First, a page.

The table above from Hattie suggests that feedback can have a significant impact on achievement – usually positive, but not always. So it deserves some further exploration. In this paper by Hattie & Timperley, they describe feedback as:
“….information provided by an agent (e.g., teacher, peer, book, parent, self, experience) regarding aspects of one’s performance or understanding.”
So from a classroom point of view, it’s worth considering feedback in two ways, as outlined below:
Feedback from the teacher to the student is important as it can ensure that learning is informed and so able to move forward. Similarly, the teacher should use feedback from the performance of students to inform and so adapt their teaching. The latter should happen on a number of levels:
In the lesson – when students aren’t ‘getting it’, stop and reframe the learning.
- In between lessons – so during one lesson, students may have picked up one concept but struggled with another. So for the next lesson, rather than just moving on to the next concept, go back and re-do the concept they were struggling with.
- In between units of work – after a unit of work, are there certain skills that they haven’t developed e.g. comparing the validity of evidence sources in history, that will need to be further developed in the next unit.
- Reviewing the curriculum – look at the performance across certain topics. Where they underachieved, review how this was taught. Would interleaving topics throughout the curriculum help?
The Hattie & Timperley paper raises 3 feedback question types. These are useful in terms of us reflecting on the balance of feedback that we give students:
1. Where am I going?
This involves feedback about the attainment of specific learning goals e.g. have they completed a task? Did they pass a test? How does their performance relate to previous performances?
This sort of feedback is useful in terms of setting challenging goals for the future and develops commitment, by setting the standard to be achieved e.g. “So in this unit, you achieved X, which is an improvement on last time. So for the next unit aim for Y.”
2. How am I going?
This involves information related to a task or performance goal – in relation to some expected standards. This is the sort of feedback that we give to students during a lesson, as they are working on a task. It is most useful when it’s about progress and how best to proceed e.g. “I like the way you have described the trend in the graph. Now to improve it further, you need to use your knowledge to explain the trend.”
3. Where to next?
This provides information that leads to greater possibilities for learning. So, having mastered one aspect, how can they be encouraged to deepen and extend their learning further? So this enhances challenges and encourages students to take ownership of their learning – by encouraging them to find out more e.g. “So now that you understand the process of genetic engineering, what do you think are the moral and ethical implications of it?”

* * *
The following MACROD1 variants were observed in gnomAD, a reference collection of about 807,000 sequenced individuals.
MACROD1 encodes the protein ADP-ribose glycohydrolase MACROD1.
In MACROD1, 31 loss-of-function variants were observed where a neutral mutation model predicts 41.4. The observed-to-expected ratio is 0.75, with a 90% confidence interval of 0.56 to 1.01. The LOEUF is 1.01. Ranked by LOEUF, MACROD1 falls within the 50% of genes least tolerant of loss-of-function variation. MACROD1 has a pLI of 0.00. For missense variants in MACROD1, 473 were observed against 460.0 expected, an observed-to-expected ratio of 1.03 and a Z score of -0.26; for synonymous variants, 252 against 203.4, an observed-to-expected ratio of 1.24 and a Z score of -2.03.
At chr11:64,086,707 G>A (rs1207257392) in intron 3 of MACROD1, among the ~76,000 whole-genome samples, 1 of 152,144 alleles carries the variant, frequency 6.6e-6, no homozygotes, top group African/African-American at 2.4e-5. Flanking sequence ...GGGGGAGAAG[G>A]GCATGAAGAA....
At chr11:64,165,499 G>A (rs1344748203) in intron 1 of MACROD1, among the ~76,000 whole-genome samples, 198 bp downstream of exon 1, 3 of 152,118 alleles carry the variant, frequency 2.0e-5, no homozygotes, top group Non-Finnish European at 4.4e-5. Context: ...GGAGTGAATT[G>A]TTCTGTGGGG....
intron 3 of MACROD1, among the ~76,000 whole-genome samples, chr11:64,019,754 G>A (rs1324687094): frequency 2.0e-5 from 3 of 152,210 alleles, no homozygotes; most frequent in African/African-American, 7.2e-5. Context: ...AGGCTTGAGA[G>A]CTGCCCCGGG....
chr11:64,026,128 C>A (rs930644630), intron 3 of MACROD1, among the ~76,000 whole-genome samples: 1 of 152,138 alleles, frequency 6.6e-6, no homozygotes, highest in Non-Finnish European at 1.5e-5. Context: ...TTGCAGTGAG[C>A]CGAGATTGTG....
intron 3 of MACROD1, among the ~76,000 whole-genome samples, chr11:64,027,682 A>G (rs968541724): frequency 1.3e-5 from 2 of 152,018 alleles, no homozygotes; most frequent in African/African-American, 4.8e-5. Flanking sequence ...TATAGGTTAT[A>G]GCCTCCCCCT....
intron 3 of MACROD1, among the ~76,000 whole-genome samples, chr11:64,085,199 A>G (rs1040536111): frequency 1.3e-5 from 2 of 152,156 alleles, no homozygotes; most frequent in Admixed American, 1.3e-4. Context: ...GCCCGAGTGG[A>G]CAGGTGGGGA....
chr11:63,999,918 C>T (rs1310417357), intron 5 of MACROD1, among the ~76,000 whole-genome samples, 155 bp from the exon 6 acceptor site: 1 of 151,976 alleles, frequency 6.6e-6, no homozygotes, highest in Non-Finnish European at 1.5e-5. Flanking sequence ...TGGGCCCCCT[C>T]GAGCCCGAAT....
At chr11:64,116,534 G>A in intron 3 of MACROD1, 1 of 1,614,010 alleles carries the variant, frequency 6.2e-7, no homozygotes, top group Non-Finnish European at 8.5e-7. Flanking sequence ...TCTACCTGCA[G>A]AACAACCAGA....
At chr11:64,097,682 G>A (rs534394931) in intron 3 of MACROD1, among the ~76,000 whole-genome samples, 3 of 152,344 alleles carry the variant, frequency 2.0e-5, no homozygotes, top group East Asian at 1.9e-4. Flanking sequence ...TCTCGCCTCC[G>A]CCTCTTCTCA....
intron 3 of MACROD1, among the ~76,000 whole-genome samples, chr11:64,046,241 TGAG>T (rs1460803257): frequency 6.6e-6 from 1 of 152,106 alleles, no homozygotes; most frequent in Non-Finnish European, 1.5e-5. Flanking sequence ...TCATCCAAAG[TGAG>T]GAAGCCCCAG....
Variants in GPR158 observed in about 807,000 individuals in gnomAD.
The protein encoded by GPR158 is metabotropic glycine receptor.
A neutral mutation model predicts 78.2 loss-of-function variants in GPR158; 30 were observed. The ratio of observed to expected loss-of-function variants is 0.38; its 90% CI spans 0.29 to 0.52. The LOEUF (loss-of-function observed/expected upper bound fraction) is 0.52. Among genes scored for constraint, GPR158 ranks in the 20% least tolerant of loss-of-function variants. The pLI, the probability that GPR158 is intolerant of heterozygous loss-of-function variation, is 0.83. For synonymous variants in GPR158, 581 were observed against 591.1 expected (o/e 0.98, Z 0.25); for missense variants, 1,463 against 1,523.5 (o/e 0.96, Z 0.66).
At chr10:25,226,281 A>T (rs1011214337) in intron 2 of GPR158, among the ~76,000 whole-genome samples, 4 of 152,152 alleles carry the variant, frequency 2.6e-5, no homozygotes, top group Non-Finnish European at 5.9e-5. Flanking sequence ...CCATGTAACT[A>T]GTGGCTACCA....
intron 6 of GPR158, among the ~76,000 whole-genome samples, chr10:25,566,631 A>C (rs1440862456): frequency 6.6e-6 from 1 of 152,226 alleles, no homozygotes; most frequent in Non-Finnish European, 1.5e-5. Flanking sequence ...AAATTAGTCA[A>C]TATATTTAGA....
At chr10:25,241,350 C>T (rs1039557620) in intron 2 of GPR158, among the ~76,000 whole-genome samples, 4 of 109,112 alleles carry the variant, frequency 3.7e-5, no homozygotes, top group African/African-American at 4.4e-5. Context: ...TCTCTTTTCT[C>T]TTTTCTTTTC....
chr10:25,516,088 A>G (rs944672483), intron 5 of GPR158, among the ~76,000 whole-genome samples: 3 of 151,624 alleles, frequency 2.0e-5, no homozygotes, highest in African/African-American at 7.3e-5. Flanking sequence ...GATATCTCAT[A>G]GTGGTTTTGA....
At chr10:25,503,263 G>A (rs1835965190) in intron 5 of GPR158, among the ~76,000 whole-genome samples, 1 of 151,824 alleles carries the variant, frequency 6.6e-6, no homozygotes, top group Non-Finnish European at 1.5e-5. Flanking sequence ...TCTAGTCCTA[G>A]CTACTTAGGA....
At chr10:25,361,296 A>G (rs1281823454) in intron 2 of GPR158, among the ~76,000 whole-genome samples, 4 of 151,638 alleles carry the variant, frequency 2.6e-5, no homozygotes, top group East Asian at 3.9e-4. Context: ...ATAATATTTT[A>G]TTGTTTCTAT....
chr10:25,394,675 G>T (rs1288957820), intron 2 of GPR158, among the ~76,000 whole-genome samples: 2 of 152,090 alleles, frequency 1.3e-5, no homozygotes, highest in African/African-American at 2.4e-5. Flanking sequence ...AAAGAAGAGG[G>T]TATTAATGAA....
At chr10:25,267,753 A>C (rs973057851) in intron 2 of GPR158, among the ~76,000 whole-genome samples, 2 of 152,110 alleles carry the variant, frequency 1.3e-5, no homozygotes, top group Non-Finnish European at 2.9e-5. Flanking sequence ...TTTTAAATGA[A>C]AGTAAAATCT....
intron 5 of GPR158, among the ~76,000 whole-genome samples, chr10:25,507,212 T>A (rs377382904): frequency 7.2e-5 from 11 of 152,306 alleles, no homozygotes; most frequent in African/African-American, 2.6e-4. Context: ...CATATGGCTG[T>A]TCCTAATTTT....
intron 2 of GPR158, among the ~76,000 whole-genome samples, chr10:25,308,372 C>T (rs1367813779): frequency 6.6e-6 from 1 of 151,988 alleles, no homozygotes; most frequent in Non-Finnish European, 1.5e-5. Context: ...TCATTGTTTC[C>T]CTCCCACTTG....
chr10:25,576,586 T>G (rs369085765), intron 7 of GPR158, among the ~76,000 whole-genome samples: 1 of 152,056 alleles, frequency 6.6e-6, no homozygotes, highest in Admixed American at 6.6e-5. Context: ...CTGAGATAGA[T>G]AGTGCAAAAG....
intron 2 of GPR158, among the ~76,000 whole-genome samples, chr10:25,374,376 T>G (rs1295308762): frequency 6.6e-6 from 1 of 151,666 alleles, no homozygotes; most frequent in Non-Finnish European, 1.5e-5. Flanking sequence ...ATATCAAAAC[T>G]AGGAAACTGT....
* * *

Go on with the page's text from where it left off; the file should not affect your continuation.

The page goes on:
Having considered these 3 types of feedback, they then go on to consider the 4 levels of feedback that usually take place in a classroom:
1. Feedback on the task or product
Very simply, is their work correct or incorrect? This is important as it builds surface knowledge. It’s essential that students have a ‘bank’ of surface knowledge if they are then going to develop this into deeper learning i.e. they need to know ‘stuff’ if they are then going to be able do things with this ‘stuff’.
2. Feedback based on the process used to create the product
So this is feedback on what they are doing with the knowledge e.g. “you need to edit this work in order to…. you need to redraft this in order to include more connectives etc“. The important part of this is that it facilitates error detection and correction – so supporting deeper learning.
3. Feedback based on self-regulation
This encourages self regulation and so the confidence to engage with the learning further – so building confidence and aspiration e.g. “You’ve described what digestion is well here, you now need to go on and explain how it happens with enzymes.”
4. Feedback aimed at a personal level
This is not based on the task and is rarely effective. It will include comments such as “You’re very intelligent……you’ve done really well……you’re concentrating well“. If they are going to be effective, they should focus on the effort and how well the student is focused and engaged on the task.
To summarise – some points to consider
- Is our teaching (within and between lessons) and curriculum planning responsive, based on the performance of students?
- Do we use a good variety of feedback, that encourages students to consider – Where am I going? How am I going? Where to next?
- Do we focus our feedback on – the task, the process and encouraging self regulation?
- Is personal feedback focused on the effort and hard work that students put in to their work?